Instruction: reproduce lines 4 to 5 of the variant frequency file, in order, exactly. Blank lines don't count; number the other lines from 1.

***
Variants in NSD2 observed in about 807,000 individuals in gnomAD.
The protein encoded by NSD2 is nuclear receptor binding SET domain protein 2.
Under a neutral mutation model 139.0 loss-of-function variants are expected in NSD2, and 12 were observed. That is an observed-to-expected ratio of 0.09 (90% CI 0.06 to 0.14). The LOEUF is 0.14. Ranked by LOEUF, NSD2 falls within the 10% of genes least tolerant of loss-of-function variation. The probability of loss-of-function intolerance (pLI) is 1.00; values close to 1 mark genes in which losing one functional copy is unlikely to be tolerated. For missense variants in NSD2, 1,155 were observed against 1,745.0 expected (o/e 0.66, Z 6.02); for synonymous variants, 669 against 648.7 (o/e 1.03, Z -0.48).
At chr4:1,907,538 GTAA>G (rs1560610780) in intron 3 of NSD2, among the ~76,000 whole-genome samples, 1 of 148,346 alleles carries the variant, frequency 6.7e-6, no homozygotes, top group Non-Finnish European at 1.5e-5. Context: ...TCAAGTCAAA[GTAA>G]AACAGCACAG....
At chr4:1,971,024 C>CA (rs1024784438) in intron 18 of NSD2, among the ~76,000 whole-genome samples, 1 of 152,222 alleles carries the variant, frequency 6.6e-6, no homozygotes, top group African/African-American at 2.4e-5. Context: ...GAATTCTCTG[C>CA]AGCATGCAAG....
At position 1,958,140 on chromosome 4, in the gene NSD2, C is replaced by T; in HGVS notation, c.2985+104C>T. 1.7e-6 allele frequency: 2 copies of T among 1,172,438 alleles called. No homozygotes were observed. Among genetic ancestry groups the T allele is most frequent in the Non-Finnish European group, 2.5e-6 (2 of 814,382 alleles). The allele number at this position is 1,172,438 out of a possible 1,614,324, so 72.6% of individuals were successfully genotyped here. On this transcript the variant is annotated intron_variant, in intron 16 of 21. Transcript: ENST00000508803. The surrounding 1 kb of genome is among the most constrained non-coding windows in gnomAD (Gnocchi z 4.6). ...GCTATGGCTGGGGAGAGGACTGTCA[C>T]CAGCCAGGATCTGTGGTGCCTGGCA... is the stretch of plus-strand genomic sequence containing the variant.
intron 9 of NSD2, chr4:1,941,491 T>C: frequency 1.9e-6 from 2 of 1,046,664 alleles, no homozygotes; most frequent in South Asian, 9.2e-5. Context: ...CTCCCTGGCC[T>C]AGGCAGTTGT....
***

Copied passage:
At chr4:1,907,538 GTAA>G (rs1560610780) in intron 3 of NSD2, among the ~76,000 whole-genome samples, 1 of 148,346 alleles carries the variant, frequency 6.7e-6, no homozygotes, top group Non-Finnish European at 1.5e-5. Context: ...TCAAGTCAAA[GTAA>G]AACAGCACAG....
At chr4:1,971,024 C>CA (rs1024784438) in intron 18 of NSD2, among the ~76,000 whole-genome samples, 1 of 152,222 alleles carries the variant, frequency 6.6e-6, no homozygotes, top group African/African-American at 2.4e-5. Context: ...GAATTCTCTG[C>CA]AGCATGCAAG....